All fifty states are represented. The data is at the state level, which is the same locale predictions are valid. Now everybody knows states aren’t homogeneous, not racially, not economically, not most things. Predictions made by the green dot for Michigan for Detroit would be the same as for tiny Charlevoix, hundreds of miles north. The green dots smooth out all these differences. The red line says the differences don’t matter.

“Briggs, what’s the big deal? Everybody already knows shiftless men and loose women have more babies out of wedlock than do employed men and virtuous women. You’re making a big deal out of nothing.”

I agree. Everybody already does know what the graph purports to show. So why show the graph? The graph puts hard numbers to our already well known, and confirmed by common observation, beliefs. The numbers are too certain. They’re aren’t right. The hunger for quantification is too strong.

What the author the graph should have done is measured individual unemployed and employed men and whether these men fathered illegitimate or legitimate or no children. The author could have then told stories of these men and women and the reasons (the causes) of them making babies or not.

The predictions we could make would then be at the person-level, which then might have some utility.

Summary Against Modern Thought: Creatures Didn’t Necessarily Always Exist

This may be proved in three ways. The first...

This may be proved in three ways. The first…

See the first post in this series for an explanation and guide of our tour of Summa Contra Gentiles. All posts are under the category SAMT.

Previous post.

After last week’s exhaustion, today something really simple and unobjectionable. Whatever God made did not have to have always existed. I don’t see anybody objecting to this, and accordingly only have one small note. What’s that you say? What about questions of the eternity of the universe? Well, that’s next week! Stick around.

Chapter 31 That is not necessary for creatures to have been always (alternate translation)

1 IT remains for us to prove from the foregoing that it is not necessary for created things to have been from eternity.

2 Because if it be necessary for the universe of creatures, or any particular creature whatsoever, to be, it must have this necessity either of itself or from another. But it cannot have it of itself. For it was proved above that every being must be from the first being. Now that which has being, not from itself, cannot possibly have necessity of being from itself: since what must necessarily be, cannot possibly not be; and consequently that which of itself has necessary being, has of itself the impossibility of not being; and therefore it follows that it is not a non-being; wherefore it is a being.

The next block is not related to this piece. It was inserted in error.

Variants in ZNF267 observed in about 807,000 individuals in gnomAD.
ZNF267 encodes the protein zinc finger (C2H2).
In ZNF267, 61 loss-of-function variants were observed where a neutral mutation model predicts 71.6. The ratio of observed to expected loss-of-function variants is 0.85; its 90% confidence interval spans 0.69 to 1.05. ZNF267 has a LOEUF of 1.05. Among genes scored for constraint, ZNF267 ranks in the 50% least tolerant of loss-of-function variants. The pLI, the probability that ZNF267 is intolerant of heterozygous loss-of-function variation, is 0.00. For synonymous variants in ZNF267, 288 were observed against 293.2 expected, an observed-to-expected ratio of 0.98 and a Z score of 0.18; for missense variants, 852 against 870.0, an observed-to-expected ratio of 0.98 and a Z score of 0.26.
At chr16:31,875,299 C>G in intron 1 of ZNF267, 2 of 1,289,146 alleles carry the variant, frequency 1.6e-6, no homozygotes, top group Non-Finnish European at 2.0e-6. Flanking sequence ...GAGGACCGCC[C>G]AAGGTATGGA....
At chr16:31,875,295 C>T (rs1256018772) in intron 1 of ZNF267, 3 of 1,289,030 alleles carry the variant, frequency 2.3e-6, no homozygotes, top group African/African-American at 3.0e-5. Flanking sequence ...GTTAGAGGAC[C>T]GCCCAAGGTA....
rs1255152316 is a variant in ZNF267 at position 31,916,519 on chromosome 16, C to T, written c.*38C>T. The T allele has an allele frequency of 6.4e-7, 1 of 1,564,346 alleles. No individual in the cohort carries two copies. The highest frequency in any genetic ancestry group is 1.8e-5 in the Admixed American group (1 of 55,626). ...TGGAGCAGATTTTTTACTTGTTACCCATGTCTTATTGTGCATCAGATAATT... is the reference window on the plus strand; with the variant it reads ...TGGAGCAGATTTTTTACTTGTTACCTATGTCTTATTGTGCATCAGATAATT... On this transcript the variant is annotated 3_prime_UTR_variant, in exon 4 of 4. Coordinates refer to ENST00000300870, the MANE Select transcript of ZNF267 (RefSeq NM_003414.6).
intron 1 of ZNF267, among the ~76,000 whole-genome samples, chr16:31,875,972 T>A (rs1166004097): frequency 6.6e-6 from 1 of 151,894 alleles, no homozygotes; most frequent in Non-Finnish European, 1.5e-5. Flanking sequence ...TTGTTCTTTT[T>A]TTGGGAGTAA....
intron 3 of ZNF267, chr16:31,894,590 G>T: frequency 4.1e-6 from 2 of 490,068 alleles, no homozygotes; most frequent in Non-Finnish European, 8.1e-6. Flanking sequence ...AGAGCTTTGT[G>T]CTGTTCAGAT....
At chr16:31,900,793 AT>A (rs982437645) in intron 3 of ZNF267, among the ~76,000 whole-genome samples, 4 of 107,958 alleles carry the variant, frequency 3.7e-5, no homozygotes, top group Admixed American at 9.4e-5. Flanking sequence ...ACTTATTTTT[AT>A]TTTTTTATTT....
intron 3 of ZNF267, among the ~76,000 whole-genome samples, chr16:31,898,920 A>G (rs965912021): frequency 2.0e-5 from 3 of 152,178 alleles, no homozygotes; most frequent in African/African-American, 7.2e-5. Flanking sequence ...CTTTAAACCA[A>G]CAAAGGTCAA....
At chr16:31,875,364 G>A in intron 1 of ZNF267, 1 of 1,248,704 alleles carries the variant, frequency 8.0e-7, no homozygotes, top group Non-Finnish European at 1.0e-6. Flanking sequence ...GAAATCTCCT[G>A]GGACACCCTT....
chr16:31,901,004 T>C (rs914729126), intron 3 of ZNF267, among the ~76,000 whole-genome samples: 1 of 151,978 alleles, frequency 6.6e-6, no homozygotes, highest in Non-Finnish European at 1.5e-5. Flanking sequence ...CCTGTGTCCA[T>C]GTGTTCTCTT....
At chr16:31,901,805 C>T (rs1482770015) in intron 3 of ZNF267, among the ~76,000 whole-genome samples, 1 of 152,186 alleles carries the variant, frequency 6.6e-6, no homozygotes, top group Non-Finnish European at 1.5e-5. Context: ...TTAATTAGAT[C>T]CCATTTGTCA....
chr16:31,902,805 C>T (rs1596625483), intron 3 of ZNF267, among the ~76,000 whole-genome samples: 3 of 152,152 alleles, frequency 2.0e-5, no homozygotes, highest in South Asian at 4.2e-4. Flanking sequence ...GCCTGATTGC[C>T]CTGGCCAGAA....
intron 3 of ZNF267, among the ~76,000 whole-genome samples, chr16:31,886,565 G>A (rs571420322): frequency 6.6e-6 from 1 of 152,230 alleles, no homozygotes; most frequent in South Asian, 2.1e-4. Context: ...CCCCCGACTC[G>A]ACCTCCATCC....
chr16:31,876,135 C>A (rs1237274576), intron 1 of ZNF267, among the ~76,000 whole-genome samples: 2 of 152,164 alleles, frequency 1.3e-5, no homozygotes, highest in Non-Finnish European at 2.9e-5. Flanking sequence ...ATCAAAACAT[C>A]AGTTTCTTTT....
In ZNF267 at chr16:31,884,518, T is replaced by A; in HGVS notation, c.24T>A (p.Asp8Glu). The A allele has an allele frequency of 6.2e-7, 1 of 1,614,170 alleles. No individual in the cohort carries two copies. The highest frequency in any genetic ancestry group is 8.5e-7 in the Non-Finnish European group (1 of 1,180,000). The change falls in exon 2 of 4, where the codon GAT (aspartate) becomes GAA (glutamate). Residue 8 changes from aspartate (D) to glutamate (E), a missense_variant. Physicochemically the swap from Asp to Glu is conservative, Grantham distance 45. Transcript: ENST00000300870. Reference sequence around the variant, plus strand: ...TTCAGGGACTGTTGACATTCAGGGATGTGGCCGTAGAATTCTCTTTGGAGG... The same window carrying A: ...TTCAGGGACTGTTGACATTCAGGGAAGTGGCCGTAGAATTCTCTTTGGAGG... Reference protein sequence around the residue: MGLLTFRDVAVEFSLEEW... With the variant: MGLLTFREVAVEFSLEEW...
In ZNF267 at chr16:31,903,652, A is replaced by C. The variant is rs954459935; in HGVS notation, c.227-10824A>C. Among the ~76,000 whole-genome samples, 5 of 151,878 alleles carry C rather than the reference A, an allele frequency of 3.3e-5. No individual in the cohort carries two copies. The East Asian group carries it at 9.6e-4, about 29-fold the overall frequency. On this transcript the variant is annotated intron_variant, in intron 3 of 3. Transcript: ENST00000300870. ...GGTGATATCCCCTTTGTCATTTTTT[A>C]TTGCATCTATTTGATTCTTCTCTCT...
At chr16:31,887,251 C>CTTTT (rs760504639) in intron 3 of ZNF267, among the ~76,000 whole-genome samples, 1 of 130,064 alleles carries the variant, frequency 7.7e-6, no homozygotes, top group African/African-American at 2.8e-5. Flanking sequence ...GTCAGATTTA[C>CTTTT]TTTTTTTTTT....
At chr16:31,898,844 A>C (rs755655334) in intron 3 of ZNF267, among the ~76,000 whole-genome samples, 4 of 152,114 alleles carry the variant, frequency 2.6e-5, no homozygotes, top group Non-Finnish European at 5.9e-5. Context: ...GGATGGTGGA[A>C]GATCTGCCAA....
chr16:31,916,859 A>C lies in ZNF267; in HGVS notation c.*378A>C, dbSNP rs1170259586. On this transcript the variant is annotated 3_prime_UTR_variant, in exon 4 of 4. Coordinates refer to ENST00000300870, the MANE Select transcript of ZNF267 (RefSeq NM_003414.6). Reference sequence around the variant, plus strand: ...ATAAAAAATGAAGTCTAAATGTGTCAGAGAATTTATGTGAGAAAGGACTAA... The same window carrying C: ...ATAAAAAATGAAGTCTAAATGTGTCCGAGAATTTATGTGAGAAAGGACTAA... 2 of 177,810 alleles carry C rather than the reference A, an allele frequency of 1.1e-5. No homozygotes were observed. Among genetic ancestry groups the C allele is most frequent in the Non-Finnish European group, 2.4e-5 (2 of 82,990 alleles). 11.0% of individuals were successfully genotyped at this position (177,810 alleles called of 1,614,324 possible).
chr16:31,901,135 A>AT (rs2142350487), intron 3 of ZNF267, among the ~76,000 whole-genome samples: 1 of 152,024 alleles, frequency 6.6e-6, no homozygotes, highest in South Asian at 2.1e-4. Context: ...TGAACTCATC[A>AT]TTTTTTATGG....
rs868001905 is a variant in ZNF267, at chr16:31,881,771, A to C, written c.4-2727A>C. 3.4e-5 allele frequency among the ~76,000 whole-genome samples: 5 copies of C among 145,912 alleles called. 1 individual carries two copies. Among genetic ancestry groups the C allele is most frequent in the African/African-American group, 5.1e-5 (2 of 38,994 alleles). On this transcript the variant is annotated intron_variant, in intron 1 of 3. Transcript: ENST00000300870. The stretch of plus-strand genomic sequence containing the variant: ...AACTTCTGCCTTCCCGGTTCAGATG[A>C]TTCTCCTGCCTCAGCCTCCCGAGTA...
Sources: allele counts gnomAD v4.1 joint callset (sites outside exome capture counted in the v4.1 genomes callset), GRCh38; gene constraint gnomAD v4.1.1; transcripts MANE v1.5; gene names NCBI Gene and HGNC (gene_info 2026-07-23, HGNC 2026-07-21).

3 If, however, this necessity of a creature is from something else, it must be from a cause that is extrinsic; because whatever we may take that is within the creature, has being from another.

Now an extrinsic cause is either efficient or final. From the efficient cause, however, it follows that the effect is necessarily, when it is necessary for the agent to act: for it is through the agent’s action that the effect depends on the efficient cause. Accordingly if it is not necessary for the agent to act in order that the effect be produced, neither is it absolutely necessary for the effect to be.

Now God does not act of necessity in producing creatures, as we have proved above. Wherefore it is not absolutely necessary for the creature to be, as regards necessity dependent on the efficient cause.

Likewise neither is it necessary as regards the necessity that depends on the final cause. For things directed to an end do not derive necessity from the end, except in so far as without them the end either cannot be,–as preservation of life without food,–or cannot be so well,–as a journey without a horse.

Now the end of God’s will, from which things came into being, can be nothing else but His goodness, as we proved in the First Book. And this does not depend on creatures, neither as to its being,–since it is per se necessary being,–nor as to well-being,–since it is by itself good simply; all of which were proved above. Therefore it is not absolutely necessary for the creature to be: and consequently neither is it necessary to suppose that the creature has been always.

Notes Quick reminder that cause is four: formal, material, efficient, and final. A clay pot has material cause of clay, form of pot, efficient cause of the potter’s hands, and the goal of being a pot.

4 Again. That which proceeds from a will is not absolutely necessary, except perhaps when it is necessary for the will to will it. Now God, as proved above, brought things into being, not by a necessity of His nature, but by His will: nor does He necessarily will creatures to be, as we proved in the First Book. Therefore it is not absolutely necessary for the creature to be: and therefore neither is it necessary that it should have been always.

5 Moreover. It has been proved above that God does not act by an action that is outside Him, as though it went out from Him and terminated in a creature, like heating which goes out from fire and terminates in wood. But His will is His action; and things are in the way in which God wills them to be. Now it is not necessary that God will the creature always to have been; since neither is it necessary that God will a thing to be at all, as we proved in the First Book. Therefore it is not necessary that creatures should have been always.

6 Again. A thing does not proceed necessarily from a voluntary agent except by reason of something due. But God does not produce the creature by reason of any debt, if we consider the production of all creatures absolutely, as we have shown above. Therefore God does not necessarily produce the creature. Neither therefore is it necessary, because God is eternal, that He should have produced the creature from eternity.

7 Further. It has been proved that absolute necessity in created things results, not from a relation to a principle that is of itself necessary to be, namely God, but from a relation to other causes which are not of themselves necessary to be. Now the necessity resulting from a relation which is not of itself necessary to be, does not necessitate that something should have been always: for if something runs it follows that it is in motion, but it is not necessary for it to have been always in motion, because the running itself is not necessary. Therefore nothing necessitates that creatures should always have been.